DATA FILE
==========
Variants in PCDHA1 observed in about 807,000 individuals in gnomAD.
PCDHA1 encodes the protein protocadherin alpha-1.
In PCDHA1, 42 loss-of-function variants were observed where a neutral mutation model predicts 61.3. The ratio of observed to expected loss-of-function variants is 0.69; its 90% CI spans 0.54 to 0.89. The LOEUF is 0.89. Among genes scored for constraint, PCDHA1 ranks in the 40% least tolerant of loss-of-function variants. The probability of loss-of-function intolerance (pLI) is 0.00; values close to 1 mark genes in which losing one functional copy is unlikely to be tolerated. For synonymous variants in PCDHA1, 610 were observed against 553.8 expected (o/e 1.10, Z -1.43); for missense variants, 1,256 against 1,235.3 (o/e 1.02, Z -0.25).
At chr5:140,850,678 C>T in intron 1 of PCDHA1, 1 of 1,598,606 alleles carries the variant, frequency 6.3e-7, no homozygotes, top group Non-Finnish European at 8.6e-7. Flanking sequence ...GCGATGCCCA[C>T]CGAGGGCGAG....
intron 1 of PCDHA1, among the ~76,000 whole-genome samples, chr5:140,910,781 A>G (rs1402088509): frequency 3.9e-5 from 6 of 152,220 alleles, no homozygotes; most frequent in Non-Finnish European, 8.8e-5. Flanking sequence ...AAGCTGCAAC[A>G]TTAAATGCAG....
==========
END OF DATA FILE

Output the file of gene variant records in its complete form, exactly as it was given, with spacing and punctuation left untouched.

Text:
Variants in PCDHA1 observed in about 807,000 individuals in gnomAD.
PCDHA1 encodes the protein protocadherin alpha-1.
In PCDHA1, 42 loss-of-function variants were observed where a neutral mutation model predicts 61.3. The ratio of observed to expected loss-of-function variants is 0.69; its 90% CI spans 0.54 to 0.89. The LOEUF is 0.89. Among genes scored for constraint, PCDHA1 ranks in the 40% least tolerant of loss-of-function variants. The probability of loss-of-function intolerance (pLI) is 0.00; values close to 1 mark genes in which losing one functional copy is unlikely to be tolerated. For synonymous variants in PCDHA1, 610 were observed against 553.8 expected (o/e 1.10, Z -1.43); for missense variants, 1,256 against 1,235.3 (o/e 1.02, Z -0.25).
At chr5:140,850,678 C>T in intron 1 of PCDHA1, 1 of 1,598,606 alleles carries the variant, frequency 6.3e-7, no homozygotes, top group Non-Finnish European at 8.6e-7. Flanking sequence ...GCGATGCCCA[C>T]CGAGGGCGAG....
intron 1 of PCDHA1, among the ~76,000 whole-genome samples, chr5:140,910,781 A>G (rs1402088509): frequency 3.9e-5 from 6 of 152,220 alleles, no homozygotes; most frequent in Non-Finnish European, 8.8e-5. Flanking sequence ...AAGCTGCAAC[A>G]TTAAATGCAG....